‘Data monger’ caught for selling personal information slapped with $6,000 fine
Buying and selling data can be a lucrative side job in this day and age, but doing so without the consent of the owners is illegal.
Under the Personal Data Protection Act (PDPA), the first of such ‘data mongers’ has been fined $6,000 for selling such personal information without notifying the owners. The act was fully implemented on 2 Jul 2014.
Telemarketer Sharon Assya Qadriyah Tang had started buying leads for between 20 and 30 cents from unknown sellers sometime in 2012. The information consisted of people’s names, NRIC numbers, mobile numbers and annual income ranges.
It is unknown if they had originally been obtained legally by the unknown sources. However, consent has to be obtained from the individuals for an all-new purpose such as reselling them, which Tang did not do.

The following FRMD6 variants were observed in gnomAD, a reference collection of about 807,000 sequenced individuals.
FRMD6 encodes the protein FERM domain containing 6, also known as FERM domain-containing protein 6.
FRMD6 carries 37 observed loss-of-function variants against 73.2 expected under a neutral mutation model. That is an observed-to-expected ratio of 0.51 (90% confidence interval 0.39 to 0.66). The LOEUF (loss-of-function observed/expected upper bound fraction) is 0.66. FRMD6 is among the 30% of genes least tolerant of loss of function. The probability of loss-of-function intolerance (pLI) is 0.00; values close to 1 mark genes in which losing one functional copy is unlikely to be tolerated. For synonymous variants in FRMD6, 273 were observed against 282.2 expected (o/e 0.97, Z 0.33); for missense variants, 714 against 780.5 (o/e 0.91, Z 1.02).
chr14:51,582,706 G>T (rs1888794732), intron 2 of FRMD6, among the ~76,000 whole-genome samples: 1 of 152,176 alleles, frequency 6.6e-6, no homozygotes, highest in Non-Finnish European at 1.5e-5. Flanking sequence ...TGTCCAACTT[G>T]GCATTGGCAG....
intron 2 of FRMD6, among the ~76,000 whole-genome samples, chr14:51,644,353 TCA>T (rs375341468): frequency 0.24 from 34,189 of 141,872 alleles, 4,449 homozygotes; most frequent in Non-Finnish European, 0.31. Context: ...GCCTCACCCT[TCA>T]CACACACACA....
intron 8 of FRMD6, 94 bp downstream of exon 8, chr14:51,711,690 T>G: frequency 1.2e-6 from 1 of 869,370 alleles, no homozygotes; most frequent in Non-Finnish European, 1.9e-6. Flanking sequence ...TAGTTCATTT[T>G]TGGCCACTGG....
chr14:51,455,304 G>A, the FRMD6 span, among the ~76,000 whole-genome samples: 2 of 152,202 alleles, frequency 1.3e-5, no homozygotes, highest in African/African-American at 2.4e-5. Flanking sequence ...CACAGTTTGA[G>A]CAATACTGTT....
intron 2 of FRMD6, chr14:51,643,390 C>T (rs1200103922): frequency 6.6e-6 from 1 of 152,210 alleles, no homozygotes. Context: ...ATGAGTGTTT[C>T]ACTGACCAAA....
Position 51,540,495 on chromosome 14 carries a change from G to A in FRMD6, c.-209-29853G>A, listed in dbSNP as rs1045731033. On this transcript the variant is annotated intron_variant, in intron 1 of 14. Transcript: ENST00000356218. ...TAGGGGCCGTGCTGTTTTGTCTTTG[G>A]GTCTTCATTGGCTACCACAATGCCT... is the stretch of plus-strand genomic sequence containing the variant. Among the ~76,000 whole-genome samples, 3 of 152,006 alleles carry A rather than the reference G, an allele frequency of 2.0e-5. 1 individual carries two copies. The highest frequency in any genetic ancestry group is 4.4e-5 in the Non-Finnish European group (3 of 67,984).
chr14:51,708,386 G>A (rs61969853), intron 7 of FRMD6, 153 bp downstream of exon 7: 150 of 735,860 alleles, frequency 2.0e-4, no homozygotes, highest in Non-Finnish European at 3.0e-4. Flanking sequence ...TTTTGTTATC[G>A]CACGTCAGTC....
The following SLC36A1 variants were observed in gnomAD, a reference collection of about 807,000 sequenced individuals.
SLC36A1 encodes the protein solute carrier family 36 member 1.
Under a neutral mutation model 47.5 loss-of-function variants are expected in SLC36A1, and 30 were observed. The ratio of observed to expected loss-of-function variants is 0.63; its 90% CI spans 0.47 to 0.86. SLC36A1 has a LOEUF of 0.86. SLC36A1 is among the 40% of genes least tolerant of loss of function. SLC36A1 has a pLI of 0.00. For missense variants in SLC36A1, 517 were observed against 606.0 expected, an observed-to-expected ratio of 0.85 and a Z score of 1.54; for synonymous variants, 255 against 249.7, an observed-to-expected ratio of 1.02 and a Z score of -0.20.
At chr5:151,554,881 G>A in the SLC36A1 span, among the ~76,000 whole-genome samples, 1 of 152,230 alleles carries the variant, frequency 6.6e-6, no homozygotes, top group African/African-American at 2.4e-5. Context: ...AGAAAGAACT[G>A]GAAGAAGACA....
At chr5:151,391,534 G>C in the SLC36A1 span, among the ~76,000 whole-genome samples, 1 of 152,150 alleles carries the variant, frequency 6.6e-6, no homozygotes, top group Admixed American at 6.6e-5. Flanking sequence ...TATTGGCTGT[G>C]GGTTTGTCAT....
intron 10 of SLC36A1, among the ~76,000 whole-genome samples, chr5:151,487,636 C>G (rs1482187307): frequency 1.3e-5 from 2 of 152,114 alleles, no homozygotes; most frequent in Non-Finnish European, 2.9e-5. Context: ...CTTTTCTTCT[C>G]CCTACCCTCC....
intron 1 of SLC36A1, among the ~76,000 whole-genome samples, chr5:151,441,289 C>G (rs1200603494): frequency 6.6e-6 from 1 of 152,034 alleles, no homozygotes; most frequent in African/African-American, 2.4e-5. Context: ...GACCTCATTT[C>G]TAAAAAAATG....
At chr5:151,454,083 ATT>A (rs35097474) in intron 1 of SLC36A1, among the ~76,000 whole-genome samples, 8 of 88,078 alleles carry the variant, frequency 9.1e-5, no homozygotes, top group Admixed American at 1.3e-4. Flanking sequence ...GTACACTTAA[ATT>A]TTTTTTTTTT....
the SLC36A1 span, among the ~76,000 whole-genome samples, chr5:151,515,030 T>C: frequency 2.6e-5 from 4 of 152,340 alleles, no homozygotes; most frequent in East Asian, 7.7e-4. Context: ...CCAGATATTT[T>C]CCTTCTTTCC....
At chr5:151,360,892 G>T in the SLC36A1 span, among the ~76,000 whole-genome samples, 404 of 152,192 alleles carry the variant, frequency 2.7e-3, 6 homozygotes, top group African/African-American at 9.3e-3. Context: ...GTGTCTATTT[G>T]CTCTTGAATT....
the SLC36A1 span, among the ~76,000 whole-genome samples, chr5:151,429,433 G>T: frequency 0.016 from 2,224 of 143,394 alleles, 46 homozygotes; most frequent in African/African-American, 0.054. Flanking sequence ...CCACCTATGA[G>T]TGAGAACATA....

Creating a database of 30,990 leads, she resold them for up to 10 times more - between 5 cents to 20 cents per lead. Selling them from 2012 till February 2017, she earned a profit of $5,000.
She had obscured her identity while selling the database, which indicated a guilty conscience and an attempt to prevent the authorities from catching her, said the Personal Data Protection Commission (PDPC).
Tang has fully admitted her wrongdoing and cooperated with the PDPC’s investigations.
(Image Credit/s: USA Today, Khalil Shreateh)
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